Cowardly “Friends”

People on social media are always passing around these stories about very old, married couples, who die within days of one another, at the age of 92 or something, because they simply could not live without the other person for one more second. “Isn’t that so beautiful?”, they ooohhh and aaahhhh. “She died, and then he couldn’t bear to be without her for even 48 hours, so he died too. It’s so sweet!” And yes, it is sweet.

However, why do people go all wacky for these stories about people they don’t even know, yet whenever I express how difficult it is to live my life without my husband on this earth with me; or say that, yes, I still miss him and love him and always will, and that I will move forward but never move “on”, and I will carry him in my heart and find ways to honor him because he is a part of me forever – some people get all uncomfortable and creeped out. Really? So if you’re 90 years old and about to die, then it’s sweet and wonderful and amazing. But if the love of your life is taken from you by sudden death when you are 39 and in the beginning years of your marriage, somehow it is strange that you would still be in love with this person who you were planning on spending your life with??? No. I’m sorry. I don’t buy it.

I am getting really tired of being constantly judged by people who have absolutely no clue what it is to lose your partner – no idea of the road I travel. Earlier today, some coward posted an anonymous comment on my comedy You Tube channel, calling me “sad” and “pathetic” because I’m “in love with someone who isn’t even alive anymore” and “still haven’t moved on from this.” They wrote, among other things, that it is really “unfortunate” what happened to me, but that “we all have problems” and I am “making this the focal point” of my life. They also said that they found it “tacky” that I would “use my husband’s death” to write a book and to “get material for comedy sets.” Yeah. It’s a damn good thing he died. Now I finally have some good jokes! Is this idiot serious?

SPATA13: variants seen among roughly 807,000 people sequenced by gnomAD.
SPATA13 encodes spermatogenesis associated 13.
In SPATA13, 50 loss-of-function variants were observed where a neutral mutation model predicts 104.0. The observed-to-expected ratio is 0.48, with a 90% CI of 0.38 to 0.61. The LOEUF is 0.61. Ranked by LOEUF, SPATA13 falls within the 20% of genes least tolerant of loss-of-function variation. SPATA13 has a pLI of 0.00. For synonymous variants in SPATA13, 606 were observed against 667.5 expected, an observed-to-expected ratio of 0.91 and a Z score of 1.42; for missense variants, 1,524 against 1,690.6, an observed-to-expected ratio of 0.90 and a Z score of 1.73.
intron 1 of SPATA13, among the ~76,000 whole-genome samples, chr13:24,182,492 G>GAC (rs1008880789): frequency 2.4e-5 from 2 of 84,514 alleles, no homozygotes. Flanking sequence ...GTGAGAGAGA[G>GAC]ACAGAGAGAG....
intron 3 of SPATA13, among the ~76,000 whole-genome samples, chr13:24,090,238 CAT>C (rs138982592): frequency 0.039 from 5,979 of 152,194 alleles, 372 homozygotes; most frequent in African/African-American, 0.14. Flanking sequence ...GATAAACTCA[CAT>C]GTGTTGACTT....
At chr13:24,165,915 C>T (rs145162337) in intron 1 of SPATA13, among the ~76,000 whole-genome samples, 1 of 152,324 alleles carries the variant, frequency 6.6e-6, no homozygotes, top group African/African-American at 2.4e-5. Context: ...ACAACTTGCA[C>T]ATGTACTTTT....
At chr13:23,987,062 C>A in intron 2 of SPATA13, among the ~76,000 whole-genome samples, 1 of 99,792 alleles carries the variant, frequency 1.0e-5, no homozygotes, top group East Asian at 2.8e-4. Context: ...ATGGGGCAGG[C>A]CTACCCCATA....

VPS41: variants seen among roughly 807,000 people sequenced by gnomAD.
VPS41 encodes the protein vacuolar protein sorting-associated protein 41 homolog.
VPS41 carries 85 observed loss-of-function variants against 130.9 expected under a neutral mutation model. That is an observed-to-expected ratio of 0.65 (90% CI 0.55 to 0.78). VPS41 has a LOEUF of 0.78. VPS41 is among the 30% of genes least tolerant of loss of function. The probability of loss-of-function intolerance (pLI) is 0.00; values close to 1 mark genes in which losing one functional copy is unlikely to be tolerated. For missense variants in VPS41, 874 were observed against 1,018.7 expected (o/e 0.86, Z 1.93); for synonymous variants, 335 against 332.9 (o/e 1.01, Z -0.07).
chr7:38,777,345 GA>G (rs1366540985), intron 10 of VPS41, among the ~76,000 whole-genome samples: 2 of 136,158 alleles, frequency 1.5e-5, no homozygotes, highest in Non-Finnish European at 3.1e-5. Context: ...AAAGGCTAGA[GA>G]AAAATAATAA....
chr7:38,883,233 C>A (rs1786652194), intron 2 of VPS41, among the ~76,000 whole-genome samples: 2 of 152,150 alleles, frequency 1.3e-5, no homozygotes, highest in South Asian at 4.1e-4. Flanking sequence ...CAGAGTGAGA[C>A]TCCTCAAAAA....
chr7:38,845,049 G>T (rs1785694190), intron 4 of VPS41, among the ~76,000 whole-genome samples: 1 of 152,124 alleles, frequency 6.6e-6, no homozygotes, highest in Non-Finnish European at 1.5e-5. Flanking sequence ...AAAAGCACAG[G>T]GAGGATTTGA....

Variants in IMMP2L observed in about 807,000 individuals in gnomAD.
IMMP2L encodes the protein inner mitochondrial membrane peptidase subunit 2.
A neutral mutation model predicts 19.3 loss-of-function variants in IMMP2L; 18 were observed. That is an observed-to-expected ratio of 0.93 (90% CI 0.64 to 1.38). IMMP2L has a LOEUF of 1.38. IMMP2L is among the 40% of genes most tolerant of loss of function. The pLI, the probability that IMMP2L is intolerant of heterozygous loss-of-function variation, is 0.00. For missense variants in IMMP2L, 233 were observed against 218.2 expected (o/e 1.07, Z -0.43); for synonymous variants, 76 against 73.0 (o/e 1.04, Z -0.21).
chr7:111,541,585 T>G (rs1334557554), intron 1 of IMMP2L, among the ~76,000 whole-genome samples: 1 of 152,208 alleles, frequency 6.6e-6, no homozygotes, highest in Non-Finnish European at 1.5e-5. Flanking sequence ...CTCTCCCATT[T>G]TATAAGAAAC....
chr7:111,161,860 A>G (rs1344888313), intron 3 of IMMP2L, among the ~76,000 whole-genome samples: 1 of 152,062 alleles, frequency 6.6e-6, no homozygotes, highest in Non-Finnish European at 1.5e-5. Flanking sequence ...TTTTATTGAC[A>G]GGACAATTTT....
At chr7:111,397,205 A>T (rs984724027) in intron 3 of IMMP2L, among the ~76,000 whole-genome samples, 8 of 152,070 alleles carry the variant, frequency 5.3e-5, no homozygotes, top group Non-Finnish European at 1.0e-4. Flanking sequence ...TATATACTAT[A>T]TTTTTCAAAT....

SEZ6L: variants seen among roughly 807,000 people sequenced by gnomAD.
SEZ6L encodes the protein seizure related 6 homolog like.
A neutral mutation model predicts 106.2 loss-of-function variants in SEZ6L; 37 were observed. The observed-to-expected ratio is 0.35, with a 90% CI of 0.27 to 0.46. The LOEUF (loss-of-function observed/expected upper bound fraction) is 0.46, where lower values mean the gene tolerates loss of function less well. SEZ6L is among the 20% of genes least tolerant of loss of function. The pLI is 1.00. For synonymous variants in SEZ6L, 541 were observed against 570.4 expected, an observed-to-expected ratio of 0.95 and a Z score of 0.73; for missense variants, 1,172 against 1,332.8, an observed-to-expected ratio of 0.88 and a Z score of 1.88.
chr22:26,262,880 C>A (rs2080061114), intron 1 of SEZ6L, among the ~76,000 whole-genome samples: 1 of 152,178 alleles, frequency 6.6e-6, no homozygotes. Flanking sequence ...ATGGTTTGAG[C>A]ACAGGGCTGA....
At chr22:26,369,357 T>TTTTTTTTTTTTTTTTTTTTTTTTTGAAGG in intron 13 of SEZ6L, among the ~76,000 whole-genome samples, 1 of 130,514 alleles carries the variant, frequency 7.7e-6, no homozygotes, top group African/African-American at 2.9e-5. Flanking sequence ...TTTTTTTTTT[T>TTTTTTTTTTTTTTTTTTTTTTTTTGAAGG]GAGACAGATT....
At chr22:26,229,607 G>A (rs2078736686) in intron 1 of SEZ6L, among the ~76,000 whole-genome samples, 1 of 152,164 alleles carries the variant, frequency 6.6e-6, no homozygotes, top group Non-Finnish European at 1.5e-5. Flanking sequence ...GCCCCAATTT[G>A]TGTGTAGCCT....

Here is the best part: this person, who wrote these vile and nasty and off-base comments, claimed to be “a friend” who is “just looking out for me and concerned, and posting anonymously so you won’t be upset with me.” Right. Because why on earth would I ever be upset that someone would accuse me of using my husband’s death for some sort of – I don’t even know – gain? Honestly, it hurts and stabs my heart just to type that thought. This person’s comments on my page left me a bit shaky, and completely speechless. I just don’t get it. I truly don’t. I don’t get how a person can be so judgmental of a path they have never walked. I don’t understand why someone would go out of their way to write this to me – to hurt me on purpose that way. Why? What is the point?

The thing that baffles me the most, though, is how anyone can find the idea of loving someone until forever, to be sad and pathetic. I will love my husband forever. And if there is such a thing as longer than forever, I will love him then too. I will also do my best to create a life for myself and to live that life – a life that has been severely altered and changed by his death. The fact that I will love my husband beyond the end of time – is not sad. It is goddamn beautiful. It is beautiful to take something as horrible and painful as a death, and with it, carve out pieces of comedy and joy and raw truth and life and hope. I mean – truly – what is more meaningful and beautiful than that?